mountPath: /opt/bitnami/postgresql/secrets/
            {{- end }}
            {{- if .Values.tls.enabled }}
            - name: postgresql-certificates
              mountPath: /opt/bitnami/postgresql/certs
              readOnly: true
            {{- end }}
            {{- if .Values.metrics.customMetrics }}
            - name: custom-metrics
              mountPath: /conf
              readOnly: true
          args: ["--extend.query-path", "/conf/custom-metrics.yaml"]
            {{- end }}
          ports:
            - name: http-metrics
              containerPort: 9187
          {{- if .Values.metrics.resources }}
          resources: {{- toYaml .Values.metrics.resources | nindent 12 }}
          {{- end }}
{{- end }}

Bitnami also ensures that the pods or services contain the proper annotations for Prometheus to detect exporters. In this case, they are defined in the chart's values.yaml file, as shown below:

## Configure metrics exporter
##
metrics:
  enabled: false
  # resources: {}
  service:
    type: ClusterIP
    annotations:
      prometheus.io/scrape: 'true'
      prometheus.io/port: '9187'

In the case of the PostgreSQL chart, these annotations go to a metrics service, separate from the PostgreSQL service, which is defined as below:

{{- if .Values.metrics.enabled }}
apiVersion: v1
kind: Service
metadata:
  name: {{ template "postgresql.fullname" . }}-metrics
  labels:
  {{- include "common.labels.standard" . | nindent 4 }}
  annotations:
  {{- if .Values.commonAnnotations }}
    {{- include "postgresql.tplValue" ( dict "value" .Values.commonAnnotations "context" $ ) | nindent 4 }}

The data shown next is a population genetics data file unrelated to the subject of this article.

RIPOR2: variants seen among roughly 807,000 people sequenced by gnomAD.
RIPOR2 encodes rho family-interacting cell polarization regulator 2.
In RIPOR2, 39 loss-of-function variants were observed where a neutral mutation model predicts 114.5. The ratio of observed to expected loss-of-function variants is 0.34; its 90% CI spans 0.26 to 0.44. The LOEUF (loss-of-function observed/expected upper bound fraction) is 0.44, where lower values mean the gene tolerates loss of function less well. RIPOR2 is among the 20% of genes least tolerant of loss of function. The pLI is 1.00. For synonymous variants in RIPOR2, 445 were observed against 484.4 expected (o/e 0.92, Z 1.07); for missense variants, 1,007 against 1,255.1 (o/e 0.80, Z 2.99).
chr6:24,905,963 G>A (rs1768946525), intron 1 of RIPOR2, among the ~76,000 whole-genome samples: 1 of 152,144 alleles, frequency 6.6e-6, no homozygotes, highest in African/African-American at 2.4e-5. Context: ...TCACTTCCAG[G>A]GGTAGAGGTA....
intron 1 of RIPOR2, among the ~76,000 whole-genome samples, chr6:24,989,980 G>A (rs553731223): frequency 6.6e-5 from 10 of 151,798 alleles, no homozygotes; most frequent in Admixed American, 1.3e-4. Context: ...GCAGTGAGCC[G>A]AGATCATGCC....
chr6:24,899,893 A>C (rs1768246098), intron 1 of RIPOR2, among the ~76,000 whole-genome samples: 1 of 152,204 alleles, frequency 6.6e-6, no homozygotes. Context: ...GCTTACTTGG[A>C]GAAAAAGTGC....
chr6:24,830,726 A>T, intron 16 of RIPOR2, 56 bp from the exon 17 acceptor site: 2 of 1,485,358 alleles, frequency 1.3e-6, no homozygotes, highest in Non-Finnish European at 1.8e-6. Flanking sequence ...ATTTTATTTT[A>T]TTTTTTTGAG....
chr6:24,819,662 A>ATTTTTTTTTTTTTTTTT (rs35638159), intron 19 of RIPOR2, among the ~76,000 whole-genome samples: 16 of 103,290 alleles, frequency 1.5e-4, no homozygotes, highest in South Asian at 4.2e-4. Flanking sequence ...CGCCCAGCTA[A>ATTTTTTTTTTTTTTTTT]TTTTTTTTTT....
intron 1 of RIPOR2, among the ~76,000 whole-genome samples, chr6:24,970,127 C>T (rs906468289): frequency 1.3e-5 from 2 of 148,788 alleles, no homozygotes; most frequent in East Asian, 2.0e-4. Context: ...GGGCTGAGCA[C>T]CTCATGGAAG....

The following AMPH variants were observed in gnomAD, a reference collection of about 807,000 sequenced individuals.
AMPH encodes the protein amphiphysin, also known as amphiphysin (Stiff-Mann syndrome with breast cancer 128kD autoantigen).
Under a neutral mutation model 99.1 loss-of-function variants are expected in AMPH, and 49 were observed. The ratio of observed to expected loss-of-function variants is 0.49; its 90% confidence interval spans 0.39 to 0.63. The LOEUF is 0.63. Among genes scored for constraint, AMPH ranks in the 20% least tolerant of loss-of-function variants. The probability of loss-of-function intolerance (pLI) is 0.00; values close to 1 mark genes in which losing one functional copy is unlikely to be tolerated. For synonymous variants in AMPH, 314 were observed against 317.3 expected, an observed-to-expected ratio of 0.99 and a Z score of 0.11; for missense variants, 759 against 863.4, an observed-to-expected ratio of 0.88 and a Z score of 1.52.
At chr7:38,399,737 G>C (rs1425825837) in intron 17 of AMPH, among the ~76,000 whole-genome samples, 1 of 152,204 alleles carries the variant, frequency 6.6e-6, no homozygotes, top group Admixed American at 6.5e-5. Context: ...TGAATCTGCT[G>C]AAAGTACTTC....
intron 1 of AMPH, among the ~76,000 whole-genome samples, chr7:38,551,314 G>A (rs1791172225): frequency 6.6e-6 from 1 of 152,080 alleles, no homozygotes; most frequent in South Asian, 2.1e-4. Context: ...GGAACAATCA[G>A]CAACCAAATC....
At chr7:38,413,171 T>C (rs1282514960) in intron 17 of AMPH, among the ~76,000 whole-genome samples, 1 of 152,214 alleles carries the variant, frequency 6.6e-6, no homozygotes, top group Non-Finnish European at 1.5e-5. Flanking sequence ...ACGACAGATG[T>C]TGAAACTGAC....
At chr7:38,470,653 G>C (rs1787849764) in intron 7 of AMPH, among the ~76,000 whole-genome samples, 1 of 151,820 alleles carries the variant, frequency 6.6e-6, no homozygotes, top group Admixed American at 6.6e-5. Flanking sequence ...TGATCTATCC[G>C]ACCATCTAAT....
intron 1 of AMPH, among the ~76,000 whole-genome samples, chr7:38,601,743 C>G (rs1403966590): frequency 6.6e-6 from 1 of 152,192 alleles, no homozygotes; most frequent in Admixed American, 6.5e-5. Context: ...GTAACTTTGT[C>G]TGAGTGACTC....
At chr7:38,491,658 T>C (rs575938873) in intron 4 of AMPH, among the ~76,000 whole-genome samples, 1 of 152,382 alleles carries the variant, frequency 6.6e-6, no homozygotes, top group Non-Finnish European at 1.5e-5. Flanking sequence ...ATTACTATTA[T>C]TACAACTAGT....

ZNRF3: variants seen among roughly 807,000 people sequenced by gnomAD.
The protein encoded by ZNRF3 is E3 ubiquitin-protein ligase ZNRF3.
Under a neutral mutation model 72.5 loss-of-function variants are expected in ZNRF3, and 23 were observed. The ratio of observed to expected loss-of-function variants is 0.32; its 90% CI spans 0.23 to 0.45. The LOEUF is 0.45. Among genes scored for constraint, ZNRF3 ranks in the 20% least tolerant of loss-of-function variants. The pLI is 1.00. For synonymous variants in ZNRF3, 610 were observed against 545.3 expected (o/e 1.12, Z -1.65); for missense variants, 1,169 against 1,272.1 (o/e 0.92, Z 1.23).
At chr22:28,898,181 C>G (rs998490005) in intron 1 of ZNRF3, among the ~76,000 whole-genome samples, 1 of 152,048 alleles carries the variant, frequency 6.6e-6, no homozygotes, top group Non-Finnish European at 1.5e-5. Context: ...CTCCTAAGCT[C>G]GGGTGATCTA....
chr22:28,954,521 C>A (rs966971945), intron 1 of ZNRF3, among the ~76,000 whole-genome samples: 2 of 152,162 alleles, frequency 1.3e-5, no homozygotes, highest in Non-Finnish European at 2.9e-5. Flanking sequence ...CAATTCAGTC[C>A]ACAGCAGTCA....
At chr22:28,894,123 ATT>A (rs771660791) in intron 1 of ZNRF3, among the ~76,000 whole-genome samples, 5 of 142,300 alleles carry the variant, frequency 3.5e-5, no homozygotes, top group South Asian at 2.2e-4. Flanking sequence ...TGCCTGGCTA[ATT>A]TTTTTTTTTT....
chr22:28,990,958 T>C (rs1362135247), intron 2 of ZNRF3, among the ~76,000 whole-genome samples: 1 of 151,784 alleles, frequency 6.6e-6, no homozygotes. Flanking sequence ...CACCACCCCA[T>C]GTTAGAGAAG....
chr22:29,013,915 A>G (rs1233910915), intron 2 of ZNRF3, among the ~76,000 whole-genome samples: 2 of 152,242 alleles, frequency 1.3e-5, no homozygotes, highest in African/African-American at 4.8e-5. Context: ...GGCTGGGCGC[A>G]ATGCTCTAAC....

{{- end }}
    {{- toYaml .Values.metrics.service.annotations | nindent 4 }}
spec:
  type: {{ .Values.metrics.service.type }}
  {{- if and (eq .Values.metrics.service.type "LoadBalancer") .Values.metrics.service.loadBalancerIP }}
  loadBalancerIP: {{ .Values.metrics.service.loadBalancerIP }}
  {{- end }}
  ports:
    - name: http-metrics
      port: 9187
      targetPort: http-metrics
  selector:
  {{- include "common.labels.matchLabels" . | nindent 4 }}
    role: master
{{- end }}

Apart from that, a ConfigMap is created to support a custom configuration file:

{{- if and .Values.metrics.enabled .Values.metrics.customMetrics }}
apiVersion: v1
kind: ConfigMap
metadata:
  name: {{ template "postgresql.metricsCM" . }}
  labels:
  {{- include "common.labels.standard" . | nindent 4 }}
  {{- if .Values.commonAnnotations }}
  annotations: {{- include "postgresql.tplValue" ( dict "value" .Values.commonAnnotations "context" $ ) | nindent 4 }}
  {{- end }}
data:
  custom-metrics.yaml: {{ toYaml .Values.metrics.customMetrics | quote }}
{{- end }}

Some parameters related to the metrics exporter can be configured in the values.yaml:

  ## Define additional custom metrics
  ## ref: https://github.com/wrouesnel/postgres_exporter#adding-new-metrics-via-a-config-file
  customMetrics:
    pg_database:
      query: "SELECT d.datname AS name, CASE WHEN pg_catalog.has_database_privilege(d.datname, 'CONNECT') THEN pg_catalog.pg_database_size(d.datname) ELSE 0 END AS size_bytes FROM pg_catalog.pg_database d where datname not in ('template0', 'template1', 'postgres')"